Joseph Stromberg reports for Scientific American about new studies that implicate factory farms that use antibiotics to promote growth in livestock for the increase in antibiotic-resistant bacteria, like MDRSA.
Stromberg begins, “A study found that from 2003 to 2008, the number of people checking into U.S. hospitals with MRSA doubled; moreover, in each of the last three years, this number has exceeded the amount of hospital patients with HIV or influenza combined.”
Also, an increasing number of people are coming in with staph infections that are proving hard to treat, according to Stromberg. This raises the question, where are these antibiotic-resistant bacteria coming from. He writes:
Many scientists believe that the problem can be traced to a setting where antibiotics are used liberally: industrial-scale livestock operations. Farm operators habitually include antibiotics in the feed and water of pigs, chickens and other animals to promote their growth rather than to treat particular infections. As a result, they expose bacteria to these chemicals on a consistent basis. Random mutations enable a small fraction of bacteria to survive, and constant exposure to antibiotics preferentially allows these hardier, mutated strains to reproduce.
From there, the bacteria can spread from the livestock to people who work in close contact with the animals, and then to other community members nearby. Previously, scientists have found MRSA living in both the pork produced by industrial-scale pig farms in Iowa and in the noses of many of the workers at the same farms.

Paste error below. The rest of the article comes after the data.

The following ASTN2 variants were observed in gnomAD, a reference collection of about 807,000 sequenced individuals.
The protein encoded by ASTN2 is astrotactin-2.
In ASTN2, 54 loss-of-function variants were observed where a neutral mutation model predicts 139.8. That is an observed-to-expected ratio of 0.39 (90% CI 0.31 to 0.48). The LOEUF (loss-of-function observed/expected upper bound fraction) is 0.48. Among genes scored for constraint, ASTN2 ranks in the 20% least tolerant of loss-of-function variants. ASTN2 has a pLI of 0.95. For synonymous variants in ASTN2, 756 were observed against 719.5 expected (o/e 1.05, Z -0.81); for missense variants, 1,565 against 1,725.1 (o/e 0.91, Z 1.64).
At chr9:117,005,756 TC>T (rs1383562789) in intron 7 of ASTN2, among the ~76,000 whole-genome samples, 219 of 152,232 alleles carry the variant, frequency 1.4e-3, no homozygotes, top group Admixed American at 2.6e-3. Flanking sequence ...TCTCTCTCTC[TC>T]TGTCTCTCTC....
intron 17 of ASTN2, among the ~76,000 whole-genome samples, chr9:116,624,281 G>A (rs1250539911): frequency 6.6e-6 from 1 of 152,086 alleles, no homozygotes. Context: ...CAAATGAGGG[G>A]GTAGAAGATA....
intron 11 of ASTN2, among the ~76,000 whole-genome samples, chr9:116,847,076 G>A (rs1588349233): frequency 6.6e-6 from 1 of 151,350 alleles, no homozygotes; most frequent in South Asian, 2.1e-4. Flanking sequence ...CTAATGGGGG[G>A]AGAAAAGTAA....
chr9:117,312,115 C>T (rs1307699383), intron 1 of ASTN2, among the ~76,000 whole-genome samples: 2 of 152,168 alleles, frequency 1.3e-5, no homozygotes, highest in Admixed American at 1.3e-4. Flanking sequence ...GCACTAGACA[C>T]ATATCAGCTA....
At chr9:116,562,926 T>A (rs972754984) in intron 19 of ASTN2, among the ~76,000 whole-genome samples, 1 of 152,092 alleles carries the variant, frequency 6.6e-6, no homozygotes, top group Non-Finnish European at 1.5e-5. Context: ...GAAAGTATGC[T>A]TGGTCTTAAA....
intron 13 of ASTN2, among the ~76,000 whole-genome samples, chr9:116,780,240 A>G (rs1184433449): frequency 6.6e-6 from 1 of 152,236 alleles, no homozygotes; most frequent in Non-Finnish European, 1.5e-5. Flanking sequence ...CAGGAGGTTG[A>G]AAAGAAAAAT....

Now, a new study makes the link between livestock raised on antibiotics and MDRSA even clearer. As published today in PLOS ONE, workers employed at factory farms that used antibiotics had MDRSA in their airways at rates double those of workers at antibiotic-free farms.
This study, conducted by researchers from Johns Hopkins University swabbed the nasal passages of participating workers from among two types of animal farms, “Industrial livestock operation(ILO) and antibiotic-free livestock operation(AFLO),” in North Carolina, according to the published study.[Click here for peer reviewed study published at Plosone.org]
The study participants’ names and the names of the farms where they work were kept secret for fear of job-loss or repercussions. Stromberg describes the findings:
The scientists also swabbed the nasal cavities of the workers and cultured the staph bacteria they found to gauge the rates of infection by MDRSA. As a whole, the two groups of workers had similar rates of normal staph (the kind that can be wiped out by antibiotics), but colonies of MDRSA—resistant to several different drugs typically used as treatment—were present in 37 percent of workers at industrial farms, compared to 19 percent of workers at farms that didn’t use antibiotics.
Perhaps even more troubling, the industrial livestock workers were much more likely than those working at antibiotic-free operations(56 percent vs. 3 percent) to host staph that were resistant to tetracycline, a group of antibiotics prescribed frequently as well as the type of antibiotic most commonly used in livestock operations. [Emphasis added]